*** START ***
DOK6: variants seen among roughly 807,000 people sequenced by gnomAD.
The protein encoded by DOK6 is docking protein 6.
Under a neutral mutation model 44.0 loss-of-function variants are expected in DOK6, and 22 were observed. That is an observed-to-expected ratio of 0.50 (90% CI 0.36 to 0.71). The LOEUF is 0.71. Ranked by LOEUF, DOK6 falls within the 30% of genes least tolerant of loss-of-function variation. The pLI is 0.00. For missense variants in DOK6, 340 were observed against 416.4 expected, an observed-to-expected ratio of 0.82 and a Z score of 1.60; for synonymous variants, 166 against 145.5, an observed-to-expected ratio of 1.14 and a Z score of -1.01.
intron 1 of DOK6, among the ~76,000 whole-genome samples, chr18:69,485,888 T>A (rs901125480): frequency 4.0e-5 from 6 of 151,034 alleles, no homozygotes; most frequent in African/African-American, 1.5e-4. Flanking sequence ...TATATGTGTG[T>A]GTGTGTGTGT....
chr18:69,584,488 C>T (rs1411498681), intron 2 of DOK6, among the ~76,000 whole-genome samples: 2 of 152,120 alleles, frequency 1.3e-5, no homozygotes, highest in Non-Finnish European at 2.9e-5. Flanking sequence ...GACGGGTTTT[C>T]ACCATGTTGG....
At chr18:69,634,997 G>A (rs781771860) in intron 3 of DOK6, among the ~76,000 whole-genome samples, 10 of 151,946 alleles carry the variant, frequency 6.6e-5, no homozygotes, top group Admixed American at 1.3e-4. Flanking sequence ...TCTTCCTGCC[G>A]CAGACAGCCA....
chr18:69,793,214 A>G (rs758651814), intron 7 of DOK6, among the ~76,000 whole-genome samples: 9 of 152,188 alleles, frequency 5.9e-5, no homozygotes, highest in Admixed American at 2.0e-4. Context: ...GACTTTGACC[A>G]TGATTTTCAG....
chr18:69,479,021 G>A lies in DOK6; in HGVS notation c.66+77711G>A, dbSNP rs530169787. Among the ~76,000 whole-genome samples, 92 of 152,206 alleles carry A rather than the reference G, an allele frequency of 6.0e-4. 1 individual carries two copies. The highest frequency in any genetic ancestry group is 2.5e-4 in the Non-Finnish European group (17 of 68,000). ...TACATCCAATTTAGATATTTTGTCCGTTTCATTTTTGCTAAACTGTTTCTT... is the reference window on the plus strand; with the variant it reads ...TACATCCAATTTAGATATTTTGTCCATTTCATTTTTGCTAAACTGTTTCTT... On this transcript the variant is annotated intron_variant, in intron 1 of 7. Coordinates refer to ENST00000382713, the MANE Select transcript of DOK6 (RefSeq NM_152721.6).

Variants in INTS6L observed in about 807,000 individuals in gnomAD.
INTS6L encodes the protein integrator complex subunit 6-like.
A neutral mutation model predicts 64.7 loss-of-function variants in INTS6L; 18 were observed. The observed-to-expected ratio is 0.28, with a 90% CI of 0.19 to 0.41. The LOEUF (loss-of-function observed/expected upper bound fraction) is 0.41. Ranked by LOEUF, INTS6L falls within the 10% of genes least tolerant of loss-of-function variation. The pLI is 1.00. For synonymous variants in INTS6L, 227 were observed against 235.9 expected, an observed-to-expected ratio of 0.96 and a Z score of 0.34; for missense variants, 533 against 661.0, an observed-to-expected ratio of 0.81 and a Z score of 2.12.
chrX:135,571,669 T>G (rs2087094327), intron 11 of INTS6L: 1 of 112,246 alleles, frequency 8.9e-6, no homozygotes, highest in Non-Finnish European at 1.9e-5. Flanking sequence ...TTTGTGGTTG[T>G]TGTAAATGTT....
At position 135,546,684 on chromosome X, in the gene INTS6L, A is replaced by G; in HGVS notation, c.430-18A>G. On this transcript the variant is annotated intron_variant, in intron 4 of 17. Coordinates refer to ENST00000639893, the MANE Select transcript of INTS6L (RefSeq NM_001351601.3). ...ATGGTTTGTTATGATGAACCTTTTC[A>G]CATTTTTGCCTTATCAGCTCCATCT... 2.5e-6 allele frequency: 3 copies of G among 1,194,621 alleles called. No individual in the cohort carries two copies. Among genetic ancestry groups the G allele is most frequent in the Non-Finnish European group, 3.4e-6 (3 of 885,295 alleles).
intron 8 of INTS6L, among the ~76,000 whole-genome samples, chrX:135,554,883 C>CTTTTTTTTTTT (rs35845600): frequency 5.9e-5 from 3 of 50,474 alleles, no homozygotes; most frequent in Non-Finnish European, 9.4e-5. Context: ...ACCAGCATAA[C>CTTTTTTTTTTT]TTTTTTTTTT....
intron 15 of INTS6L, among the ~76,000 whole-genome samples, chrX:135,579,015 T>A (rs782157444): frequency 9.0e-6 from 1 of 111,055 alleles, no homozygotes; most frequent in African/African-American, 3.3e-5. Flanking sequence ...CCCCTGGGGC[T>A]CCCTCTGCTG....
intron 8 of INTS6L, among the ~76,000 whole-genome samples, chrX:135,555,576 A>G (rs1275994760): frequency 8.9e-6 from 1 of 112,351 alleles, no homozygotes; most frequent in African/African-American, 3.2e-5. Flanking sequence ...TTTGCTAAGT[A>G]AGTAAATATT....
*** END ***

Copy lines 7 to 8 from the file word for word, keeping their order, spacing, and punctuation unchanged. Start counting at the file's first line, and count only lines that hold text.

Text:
chr18:69,793,214 A>G (rs758651814), intron 7 of DOK6, among the ~76,000 whole-genome samples: 9 of 152,188 alleles, frequency 5.9e-5, no homozygotes, highest in Admixed American at 2.0e-4. Context: ...GACTTTGACC[A>G]TGATTTTCAG....
chr18:69,479,021 G>A lies in DOK6; in HGVS notation c.66+77711G>A, dbSNP rs530169787. Among the ~76,000 whole-genome samples, 92 of 152,206 alleles carry A rather than the reference G, an allele frequency of 6.0e-4. 1 individual carries two copies. The highest frequency in any genetic ancestry group is 2.5e-4 in the Non-Finnish European group (17 of 68,000). ...TACATCCAATTTAGATATTTTGTCCGTTTCATTTTTGCTAAACTGTTTCTT... is the reference window on the plus strand; with the variant it reads ...TACATCCAATTTAGATATTTTGTCCATTTCATTTTTGCTAAACTGTTTCTT... On this transcript the variant is annotated intron_variant, in intron 1 of 7. Coordinates refer to ENST00000382713, the MANE Select transcript of DOK6 (RefSeq NM_152721.6).